Members of the public continue with their Christmas Shopping in the city centre on December 15, 2021 in Glasgow (Photo: Getty)
The build-up to Christmas is stressful enough at the best of times. Rushed trips to the shops; parcels going missing; awkward decisions over which relatives to host, or which to grace with your presence; ensuring there’s a plentiful supply of kilted sausages and Bailey’s.
As if that wasn’t enough to raise anyone’s anxiety levels, this year, just when we thought we’d got through the worst of the pandemic and put the misery of last Christmas behind us, along came Omicron.
Remember those early reports from South Africa, the ones with words like “alarming” and “most mutated variant yet”? Sadly, it turned out to be just as bad as the experts feared, and it has swept the world with ferocious speed.
The good news, of course, is that we now have solid data to show that it’s significantly milder than previous variants.
But that doesn’t mean we’re out of the woods, and there are justified concerns over how the NHS will cope with the inevitable rise in hospitalisations that will come from the sheer number of people infected, at a time when they’re already struggling with staff absences through Covid.
And no matter its severity, Omicron has put paid to festive plans for millions of people across the country. I’ve lost count of the number of friends and colleagues who’ve told me they’ve tested positive in the past week, or a family member has, meaning they’ll need to spend Christmas in isolation.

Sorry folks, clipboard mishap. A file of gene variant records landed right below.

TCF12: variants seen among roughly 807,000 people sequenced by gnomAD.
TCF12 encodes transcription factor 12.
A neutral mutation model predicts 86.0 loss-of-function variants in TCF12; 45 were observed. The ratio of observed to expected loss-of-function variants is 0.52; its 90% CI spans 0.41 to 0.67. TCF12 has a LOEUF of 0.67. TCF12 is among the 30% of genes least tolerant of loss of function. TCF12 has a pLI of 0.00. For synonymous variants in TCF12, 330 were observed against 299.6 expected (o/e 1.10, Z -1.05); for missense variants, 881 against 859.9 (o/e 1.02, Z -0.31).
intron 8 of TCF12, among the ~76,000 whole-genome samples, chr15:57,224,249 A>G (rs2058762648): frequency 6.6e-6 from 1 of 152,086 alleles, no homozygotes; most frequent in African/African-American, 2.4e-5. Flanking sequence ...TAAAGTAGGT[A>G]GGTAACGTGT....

Even in our age of Netflix and Nintendo Switch, nothing makes up for seeing loved ones and catching up with mates at Christmastime, so it’s easy to feel like we’re stuck in an endless cycle of Covid woe.
However, we can allow ourselves to hope for a better year in 2022. We are lucky to live in a part of the world with an advanced vaccine rollout (global vaccine inequality is a whole other issue) and there’s broad scientific agreement that the Omicron wave will peak much faster than Delta before it.
In a recent Covid briefing, Professor Chris Whitty, not a man known to throw caution to the wind, offered a look ahead to how we might tackle the next pandemic. Like everything he says, it was considered and balanced, but it did offer a rare note of optimism:
“If I project forward, I would anticipate in a number of years – possibly 18 months, possibly slightly less, possibly slightly more – that we will have polyvalent vaccines, which will cover a much wider range, and we will probably have several antivirals.
“We’ve already got two reasonable ones, and a variety of other counter-measures that mean that the great majority – and probably almost all of the heavy lifting when we get a new variant, unless it’s extremely different – can be met by medical means.
“I don’t see this as a kind of ‘we are going to have to do this repeatedly every few months’ situation. I think what will happen is the risks will gradually decrease over time. It’s incremental, it’s not a sudden thing.
“But I think each six months will be better than the last six months.”
Each six months will be better than the last six months. I’ll take that.
Have a very Merry Christmas, no matter how or where you’re spending it.
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